Scotland v Italy | How to tear a defence in half
Scotland’s strike moves are perhaps the most frightening in world rugby. The goal of many of the moves used here against Italy was to tear the defensive line in half.
Scotland uses two decoy runners moving straight and fast to pull the Italian defence apart. Kinghorn then runs a subtle angle, which the now flat-footed defenders can’t react to. The use of the Blindside winger in the move also gives Scotland an extra option.
Here Scotland try an old-school switch.
Notice the Italian defenders are pulled in one direction, but Scotland are already moving to attack. They have a slight upper hand from two simple passes. Italy are now out of position and are beaten on the outside.
These strike moves are very professionally executed and work by compressing defenders in tight by using dummy-runners. Scotland are willing to think outside the box during their phase play as well, which brings us to more Gregor Townsend genius.
Scotland v Italy | How Gregor Townsend breaks the rules
When I say Gregor Townsend ‘breaks the rules’, I don’t mean the laws of the game. I mean the arbitrary rules by which most people think international rugby should be played. Most coaches are too risk-averse to try Barbarians style plan in a test match, but Gregor Townsend tries it in this game.
They start with a totally normal crash ball. Nothing to see here.
But in the very next phase, the camera zooms out to reveal a pre-planned maul.
On this occasion, they make a mistake. But the intent to set this up is there. If this was to work in a game, it would draw defenders in and basically give Scotland a de-facto scrum. Unpredictability is a strength for Scotland, and you can read about Scotland’s other strengths and weaknesses in this 6 Nations below.
In this next example, Russell takes full advantage of the deep dead-ball lines at Murrayfield and Stuart Hogg’s acceleration to put him in for a try. This is very resourceful, intelligent play.
And that brings us to the player who stood out most during this win.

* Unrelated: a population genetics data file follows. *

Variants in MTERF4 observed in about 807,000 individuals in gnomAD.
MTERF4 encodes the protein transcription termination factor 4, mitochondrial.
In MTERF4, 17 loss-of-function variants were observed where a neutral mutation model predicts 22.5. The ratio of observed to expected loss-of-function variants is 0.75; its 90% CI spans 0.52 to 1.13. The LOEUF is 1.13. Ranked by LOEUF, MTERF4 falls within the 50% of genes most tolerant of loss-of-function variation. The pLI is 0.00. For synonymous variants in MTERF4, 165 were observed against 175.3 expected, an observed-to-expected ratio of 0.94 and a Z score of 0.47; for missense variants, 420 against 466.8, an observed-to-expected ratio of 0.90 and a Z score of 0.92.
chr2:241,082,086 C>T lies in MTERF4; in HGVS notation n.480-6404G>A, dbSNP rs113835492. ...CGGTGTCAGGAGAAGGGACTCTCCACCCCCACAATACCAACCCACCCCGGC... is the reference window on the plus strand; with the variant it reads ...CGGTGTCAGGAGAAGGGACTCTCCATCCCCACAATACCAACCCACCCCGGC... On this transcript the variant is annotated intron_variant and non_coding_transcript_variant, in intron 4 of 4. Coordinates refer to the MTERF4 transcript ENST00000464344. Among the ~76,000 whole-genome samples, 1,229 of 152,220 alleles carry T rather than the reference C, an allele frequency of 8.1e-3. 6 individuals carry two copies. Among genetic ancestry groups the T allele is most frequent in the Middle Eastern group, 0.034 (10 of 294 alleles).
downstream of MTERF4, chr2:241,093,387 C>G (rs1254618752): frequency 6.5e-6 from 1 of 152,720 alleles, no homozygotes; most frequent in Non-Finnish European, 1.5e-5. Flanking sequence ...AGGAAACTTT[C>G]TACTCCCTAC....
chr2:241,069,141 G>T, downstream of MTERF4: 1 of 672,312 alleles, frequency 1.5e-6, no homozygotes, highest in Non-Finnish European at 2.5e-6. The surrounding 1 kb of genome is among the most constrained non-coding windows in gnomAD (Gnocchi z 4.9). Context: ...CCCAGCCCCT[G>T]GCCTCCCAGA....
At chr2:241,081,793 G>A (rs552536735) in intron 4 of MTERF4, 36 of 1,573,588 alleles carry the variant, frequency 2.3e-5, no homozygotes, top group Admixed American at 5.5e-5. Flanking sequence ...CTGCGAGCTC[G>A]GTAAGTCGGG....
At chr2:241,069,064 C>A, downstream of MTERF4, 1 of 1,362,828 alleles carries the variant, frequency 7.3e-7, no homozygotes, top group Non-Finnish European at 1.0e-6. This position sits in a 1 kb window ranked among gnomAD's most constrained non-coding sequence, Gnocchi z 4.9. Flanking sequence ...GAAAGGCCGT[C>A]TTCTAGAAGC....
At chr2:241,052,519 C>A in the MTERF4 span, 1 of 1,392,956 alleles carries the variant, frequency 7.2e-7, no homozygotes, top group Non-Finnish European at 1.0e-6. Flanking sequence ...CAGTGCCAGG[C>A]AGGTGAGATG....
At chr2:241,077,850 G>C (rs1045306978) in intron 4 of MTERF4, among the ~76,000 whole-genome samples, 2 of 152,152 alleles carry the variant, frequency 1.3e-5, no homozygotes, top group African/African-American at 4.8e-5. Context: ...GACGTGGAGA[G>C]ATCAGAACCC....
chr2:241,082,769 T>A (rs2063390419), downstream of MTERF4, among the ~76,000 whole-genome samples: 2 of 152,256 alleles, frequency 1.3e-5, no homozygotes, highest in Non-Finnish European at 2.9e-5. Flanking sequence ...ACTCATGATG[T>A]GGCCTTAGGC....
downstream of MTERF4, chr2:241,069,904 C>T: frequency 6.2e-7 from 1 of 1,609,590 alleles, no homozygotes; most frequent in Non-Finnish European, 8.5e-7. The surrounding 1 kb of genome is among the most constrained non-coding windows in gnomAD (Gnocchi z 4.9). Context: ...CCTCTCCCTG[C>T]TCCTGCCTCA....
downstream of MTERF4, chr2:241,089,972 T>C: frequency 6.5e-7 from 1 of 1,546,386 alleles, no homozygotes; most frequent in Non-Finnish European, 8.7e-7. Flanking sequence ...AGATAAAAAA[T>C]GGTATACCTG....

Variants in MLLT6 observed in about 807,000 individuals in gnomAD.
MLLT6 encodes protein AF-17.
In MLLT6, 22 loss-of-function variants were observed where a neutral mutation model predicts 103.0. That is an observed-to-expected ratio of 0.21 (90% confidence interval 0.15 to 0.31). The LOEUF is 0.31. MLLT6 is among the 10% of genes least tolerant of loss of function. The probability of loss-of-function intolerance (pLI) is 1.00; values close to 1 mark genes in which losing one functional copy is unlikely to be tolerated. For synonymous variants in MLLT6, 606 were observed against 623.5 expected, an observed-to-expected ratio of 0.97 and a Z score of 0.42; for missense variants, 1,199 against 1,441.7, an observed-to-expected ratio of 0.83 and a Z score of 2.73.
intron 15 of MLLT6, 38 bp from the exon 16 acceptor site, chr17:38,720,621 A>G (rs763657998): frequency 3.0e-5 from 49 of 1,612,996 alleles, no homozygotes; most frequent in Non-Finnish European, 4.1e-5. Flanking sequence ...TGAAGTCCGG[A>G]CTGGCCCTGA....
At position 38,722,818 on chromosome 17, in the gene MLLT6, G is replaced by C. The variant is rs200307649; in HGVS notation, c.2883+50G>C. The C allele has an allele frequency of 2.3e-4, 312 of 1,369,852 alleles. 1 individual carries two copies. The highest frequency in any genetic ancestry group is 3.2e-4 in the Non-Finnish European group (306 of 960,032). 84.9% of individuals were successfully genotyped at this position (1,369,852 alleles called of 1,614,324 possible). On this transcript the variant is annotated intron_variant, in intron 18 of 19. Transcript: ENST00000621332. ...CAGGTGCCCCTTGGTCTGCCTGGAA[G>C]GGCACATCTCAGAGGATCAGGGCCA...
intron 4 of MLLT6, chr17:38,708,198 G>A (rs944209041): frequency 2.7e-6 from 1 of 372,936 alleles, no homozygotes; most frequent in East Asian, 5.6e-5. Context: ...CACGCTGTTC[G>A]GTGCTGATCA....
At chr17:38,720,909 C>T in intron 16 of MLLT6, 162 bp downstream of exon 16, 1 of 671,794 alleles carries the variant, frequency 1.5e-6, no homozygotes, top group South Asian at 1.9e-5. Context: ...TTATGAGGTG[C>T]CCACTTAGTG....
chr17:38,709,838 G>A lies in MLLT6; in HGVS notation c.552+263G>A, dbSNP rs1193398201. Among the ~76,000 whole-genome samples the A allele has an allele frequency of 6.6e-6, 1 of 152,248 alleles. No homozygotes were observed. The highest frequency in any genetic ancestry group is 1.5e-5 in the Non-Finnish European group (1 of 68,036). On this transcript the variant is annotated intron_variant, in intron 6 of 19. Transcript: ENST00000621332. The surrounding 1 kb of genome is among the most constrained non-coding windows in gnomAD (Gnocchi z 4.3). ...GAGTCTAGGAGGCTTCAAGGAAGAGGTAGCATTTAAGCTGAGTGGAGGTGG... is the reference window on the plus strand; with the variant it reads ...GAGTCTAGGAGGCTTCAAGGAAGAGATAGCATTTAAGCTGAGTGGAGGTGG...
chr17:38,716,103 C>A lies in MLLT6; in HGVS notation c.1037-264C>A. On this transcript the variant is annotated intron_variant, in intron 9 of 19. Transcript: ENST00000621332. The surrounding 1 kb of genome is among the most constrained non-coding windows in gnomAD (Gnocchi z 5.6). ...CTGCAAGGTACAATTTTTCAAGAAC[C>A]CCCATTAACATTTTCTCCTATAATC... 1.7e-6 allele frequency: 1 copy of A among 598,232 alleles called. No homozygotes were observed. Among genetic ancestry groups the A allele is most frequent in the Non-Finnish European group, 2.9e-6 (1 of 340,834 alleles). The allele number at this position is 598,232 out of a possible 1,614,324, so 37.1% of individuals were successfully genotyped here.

Scotland v Italy | How Finn Russell is playing in slow-motion
Finn Russell seemed to have time and space to burn every time he touched the ball. The first thing to note is how his kicking game is never telegraphed to the opposition. He takes the ball right to the line in two hands before finding space between the Italian fullback and winger.
These kicks can be used to mercilessly pin teams back in their own half.
This time Russell kicks again and finds grass right behind the Italian line. Because northern hemisphere teams are using their 9’s in the defensive line instead of as sweepers, this space is always present. He almost exploits it with this kick.
Russell is great at drawing defenders in, waiting for them to come to him before finding space. Below his passing game comes into play. Watch the time and space he has now generated for himself as the Italian defenders hold off, unsure what to expect. It’s almost like the game goes into slow-motion when he gets the ball.
He holds the ball in two hands, pulling defenders towards him. He then slips a pass to Strauss at the final moment. Scotland has now manufactured the space to score.
While Russell is constantly improving at the dark arts of the no.10 position, he will soon be up against teams with much more aggressive and physical defensive lines. Do you think he can play just as well under more intense pressure? let us know your thoughts.
Author: The 1014 Rugby and Henry Stokes